Michaud: Challenge to teacher tenure in NYS revs up
The lineup sounds like the cast of a new "The Avengers" movie: a former CNN anchor, a former White House spokesman, and a legal team that won a landmark case in California installing a "parent trigger," which allows public school parents to take over their schools by majority vote.
This is the team that's assembling to challenge teacher tenure in New York courts by the end of the summer. The effort follows the Vergara vs. California ruling that voided tenure on the grounds that school children have a constitutional right to an equal opportunity to succeed in school. A California judge ruled that poor and minority students were more likely to end up with ineffective teachers.
Because New York State law is different, the group's legal argument here will probably rest on students' right to a "sound basic education" -- a standard established in 2001 by the Campaign for Fiscal Equity lawsuit. Campbell Brown, the former CNN journalist-turned-parent activist, says New Yorkers are on their way. Her group has six families who will act as plaintiffs. So far, no Long Islanders have joined the suit.
"People who lead the charge have to be pretty courageous to put their names and faces out there," she said. "They're challenging a powerful bureaucracy and special interests -- some of the most powerful unions in the state."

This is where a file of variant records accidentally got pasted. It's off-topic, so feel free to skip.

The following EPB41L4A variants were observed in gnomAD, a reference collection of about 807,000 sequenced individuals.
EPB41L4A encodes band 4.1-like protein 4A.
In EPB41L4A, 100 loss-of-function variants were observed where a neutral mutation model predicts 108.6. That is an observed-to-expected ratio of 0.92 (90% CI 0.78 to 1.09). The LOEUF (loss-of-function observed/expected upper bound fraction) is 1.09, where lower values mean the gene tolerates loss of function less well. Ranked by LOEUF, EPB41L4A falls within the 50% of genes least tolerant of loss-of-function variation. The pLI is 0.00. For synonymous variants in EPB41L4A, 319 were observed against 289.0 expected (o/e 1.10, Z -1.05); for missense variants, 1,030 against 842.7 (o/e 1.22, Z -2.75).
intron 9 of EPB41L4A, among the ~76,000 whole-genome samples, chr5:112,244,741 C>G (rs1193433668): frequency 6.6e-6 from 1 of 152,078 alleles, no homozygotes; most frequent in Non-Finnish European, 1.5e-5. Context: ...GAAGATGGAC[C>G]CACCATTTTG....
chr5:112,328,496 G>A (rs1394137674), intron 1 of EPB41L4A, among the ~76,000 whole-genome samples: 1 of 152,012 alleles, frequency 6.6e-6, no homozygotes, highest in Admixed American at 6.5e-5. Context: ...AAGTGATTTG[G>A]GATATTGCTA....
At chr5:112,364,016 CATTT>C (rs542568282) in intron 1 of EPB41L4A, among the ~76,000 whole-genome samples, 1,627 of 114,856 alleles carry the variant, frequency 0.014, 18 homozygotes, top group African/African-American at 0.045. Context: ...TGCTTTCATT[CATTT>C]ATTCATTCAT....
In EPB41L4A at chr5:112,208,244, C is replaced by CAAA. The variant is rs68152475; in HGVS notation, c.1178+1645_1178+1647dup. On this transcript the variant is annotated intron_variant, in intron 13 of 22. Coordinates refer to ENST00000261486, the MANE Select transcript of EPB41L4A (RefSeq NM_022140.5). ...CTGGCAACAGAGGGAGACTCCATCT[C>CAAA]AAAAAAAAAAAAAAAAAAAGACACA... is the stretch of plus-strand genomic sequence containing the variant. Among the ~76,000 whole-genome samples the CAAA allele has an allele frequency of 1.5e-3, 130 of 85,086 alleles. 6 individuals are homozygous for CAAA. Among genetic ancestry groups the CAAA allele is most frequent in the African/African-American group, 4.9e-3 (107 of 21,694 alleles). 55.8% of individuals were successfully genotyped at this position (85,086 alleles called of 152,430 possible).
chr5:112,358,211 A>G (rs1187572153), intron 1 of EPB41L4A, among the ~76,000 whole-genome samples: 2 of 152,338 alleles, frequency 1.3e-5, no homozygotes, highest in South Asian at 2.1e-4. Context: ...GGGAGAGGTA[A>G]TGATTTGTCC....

You can say that again. Brown and her allies are pursuing the legal route after failing to find support in the State Legislature for a bill that would have made it easier to fire teachers and administrators for sexual misconduct. Working with the Daily News, Brown found 128 New York City school staff members who had engaged in sexual misconduct or inappropriate relationships with students since 2007; just 33 were fired.
The disciplinary system in NYC schools is obviously broken. Attacking tenure to get rid of a few -- even a few dozen -- predators in the classroom may seem like an overreach. But the teachers unions' steadfast stonewalling of dismissals for even the most egregious outrages has invited this broadside.
One plaintiff is a father of twins who says his children started kindergarten in NYC schools, with vastly different results. One daughter's teacher engaged the students and gave them homework, he claims. The other daughter's teacher lazily had students fill in worksheets during class. The father witnessed the twins' reading levels diverge during the school year, and his efforts to intervene led only to frustration.
Brown's group, the Partnership for Educational Justice, has recruited attorney Jay Lefkowitz of Kirkland & Ellis, which will pursue the case pro bono. Brown also hired the Incite Agency, a public relations firm founded by former White House press secretary Robert Gibbs. Surely, calling on a Democratic firm is a maneuver to protect the group from the charge that these are right-wingers intent on destroying public-sector unions.
The media love to point out that Brown is married to Dan Senor, a former policy adviser to Mitt Romney who serves on the board of StudentsFirstNY, a pro-charter schools lobbying group founded by lightning-rod Michelle Rhee, the former Washington, D.C., schools chancellor. And the Brown-Senor children attend private school.
Even now, Brown has refused to say specifically who's funding the anti-tenure effort. Trust that there will be some among them whose motives raise suspicions. But it's impossible to argue with her basic premise: "Everything should be driven by one fundamental question: Is this good for kids? Why are all the laws written to protect the adults?"
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